Taking an in-depth look at the most current research on memory of traumatic events, this book contains state-of-the-art data in the controversial area of repressed memory. Contributors, major figures in the field, integrate multidisciplinary findings into proposals for coherent treatment, and legal and social policy and practices.
The first volume devoted solely to autobiographical memory retrieval, The Act of Remembering serves as a primer of ideas, methodology, and central topics, and lays the groundwork for future research in the field. Contains new, forward-looking theories from leading international scholars Answers questions such as: Do we retrieve memories according to when and where we need them? How much conscious control do we have over what we remember? Why are some people more likely than others to have intrusive ‘flashbacks’ following a stressful event? Pays particular attention to voluntary and involuntary recall
Safe and effective principles and strategies for recovery from trauma. Trauma recovery is tricky; however, there are several key principles that can help make the process safe and effective. This book gives self help readers, therapy clients, and therapists alike the skills to understand and implement eight keys to successful trauma healing: mindful identification of what is helpful, recognizing survival, having the option to not remember, creating a supportive inner dialogue, forgiving not being able to stop the trauma, understanding and sharing shame, finding your own recovery pace; mobilizing your body, and helping others. This is not another book promoting a new method or type of treatment; rather, it is a necessary adjunct to self-help and professional recovery programs. After reading this book, readers will be able to recognize their own individual needs and evaluate whether those needs are being met. They will have the tools necessary to put themselves in the drivers seat, navigating their own safe road to recovery.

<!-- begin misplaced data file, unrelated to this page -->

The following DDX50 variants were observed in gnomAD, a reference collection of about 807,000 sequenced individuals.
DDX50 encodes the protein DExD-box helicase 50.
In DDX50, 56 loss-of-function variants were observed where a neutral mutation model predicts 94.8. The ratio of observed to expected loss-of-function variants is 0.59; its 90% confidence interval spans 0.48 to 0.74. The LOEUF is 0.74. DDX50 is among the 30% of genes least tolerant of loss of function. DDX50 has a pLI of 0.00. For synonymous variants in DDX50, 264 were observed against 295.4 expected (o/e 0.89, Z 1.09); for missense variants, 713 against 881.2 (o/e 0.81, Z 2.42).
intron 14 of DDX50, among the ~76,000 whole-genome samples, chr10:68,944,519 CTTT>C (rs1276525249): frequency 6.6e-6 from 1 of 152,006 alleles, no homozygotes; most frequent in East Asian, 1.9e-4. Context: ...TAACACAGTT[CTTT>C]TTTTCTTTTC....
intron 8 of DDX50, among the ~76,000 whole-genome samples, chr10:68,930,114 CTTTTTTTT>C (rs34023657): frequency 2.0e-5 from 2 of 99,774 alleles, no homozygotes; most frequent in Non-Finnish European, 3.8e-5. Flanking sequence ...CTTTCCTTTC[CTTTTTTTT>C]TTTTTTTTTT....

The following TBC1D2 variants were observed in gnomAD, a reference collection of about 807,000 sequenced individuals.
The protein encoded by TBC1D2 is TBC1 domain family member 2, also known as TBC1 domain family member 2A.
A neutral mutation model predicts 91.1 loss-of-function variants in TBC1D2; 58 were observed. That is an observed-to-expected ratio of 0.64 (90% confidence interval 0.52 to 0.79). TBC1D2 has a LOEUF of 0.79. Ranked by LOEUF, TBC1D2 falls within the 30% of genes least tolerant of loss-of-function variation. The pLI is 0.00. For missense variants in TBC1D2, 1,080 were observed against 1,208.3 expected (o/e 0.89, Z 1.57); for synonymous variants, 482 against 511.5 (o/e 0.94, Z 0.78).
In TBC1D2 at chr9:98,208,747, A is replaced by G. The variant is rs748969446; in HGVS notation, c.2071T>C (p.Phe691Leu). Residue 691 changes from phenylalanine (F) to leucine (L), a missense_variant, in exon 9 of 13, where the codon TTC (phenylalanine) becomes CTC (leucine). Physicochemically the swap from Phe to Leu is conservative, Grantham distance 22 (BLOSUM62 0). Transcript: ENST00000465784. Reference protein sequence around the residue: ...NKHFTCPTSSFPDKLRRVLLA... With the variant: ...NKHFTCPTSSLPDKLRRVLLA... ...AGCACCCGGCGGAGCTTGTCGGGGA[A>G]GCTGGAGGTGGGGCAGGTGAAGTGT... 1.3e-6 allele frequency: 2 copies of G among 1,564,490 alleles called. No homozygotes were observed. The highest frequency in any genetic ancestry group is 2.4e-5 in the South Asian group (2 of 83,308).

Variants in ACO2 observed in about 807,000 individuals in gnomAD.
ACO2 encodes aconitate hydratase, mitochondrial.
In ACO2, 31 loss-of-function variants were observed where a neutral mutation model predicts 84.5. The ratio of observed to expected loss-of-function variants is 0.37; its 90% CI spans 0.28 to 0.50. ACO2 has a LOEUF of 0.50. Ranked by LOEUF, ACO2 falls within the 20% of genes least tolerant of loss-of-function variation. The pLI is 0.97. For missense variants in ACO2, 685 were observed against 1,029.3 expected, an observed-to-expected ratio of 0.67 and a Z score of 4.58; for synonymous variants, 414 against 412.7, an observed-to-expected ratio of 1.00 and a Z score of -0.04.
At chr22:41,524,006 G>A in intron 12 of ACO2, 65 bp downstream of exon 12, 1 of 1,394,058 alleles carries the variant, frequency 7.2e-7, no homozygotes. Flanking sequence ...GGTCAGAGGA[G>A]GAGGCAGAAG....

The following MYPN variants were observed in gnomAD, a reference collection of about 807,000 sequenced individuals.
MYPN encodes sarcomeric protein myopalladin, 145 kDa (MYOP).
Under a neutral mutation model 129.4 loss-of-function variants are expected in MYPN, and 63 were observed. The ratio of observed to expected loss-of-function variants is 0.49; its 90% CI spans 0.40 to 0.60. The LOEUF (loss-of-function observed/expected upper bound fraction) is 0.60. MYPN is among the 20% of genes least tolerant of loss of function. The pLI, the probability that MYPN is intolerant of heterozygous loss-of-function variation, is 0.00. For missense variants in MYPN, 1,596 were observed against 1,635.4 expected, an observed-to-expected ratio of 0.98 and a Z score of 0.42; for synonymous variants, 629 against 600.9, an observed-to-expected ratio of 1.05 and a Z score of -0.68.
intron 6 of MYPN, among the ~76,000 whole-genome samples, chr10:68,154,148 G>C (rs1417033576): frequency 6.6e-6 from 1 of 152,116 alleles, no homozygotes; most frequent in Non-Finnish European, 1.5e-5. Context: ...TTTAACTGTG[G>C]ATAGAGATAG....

Communicating Trauma explores the various aspects of language and communication and how their development can be affected by childhood trauma and overwhelm. Multiple case-study vignettes describe how different kinds of childhood trauma can manifest in children's ability to relate, attend, learn, and communicate. These examples offer ways to understand, respond, and support children who are communicating overwhelm. In this book, psychotherapists, speech-language pathologists, social workers, educators, occupational and physical therapists, medical personnel, foster parents, adoption agencies, and other child professionals and caregivers will find information and practical direction for improving connection and behavior, reducing miscommunication, and giving a voice to those who are often our most challenging children.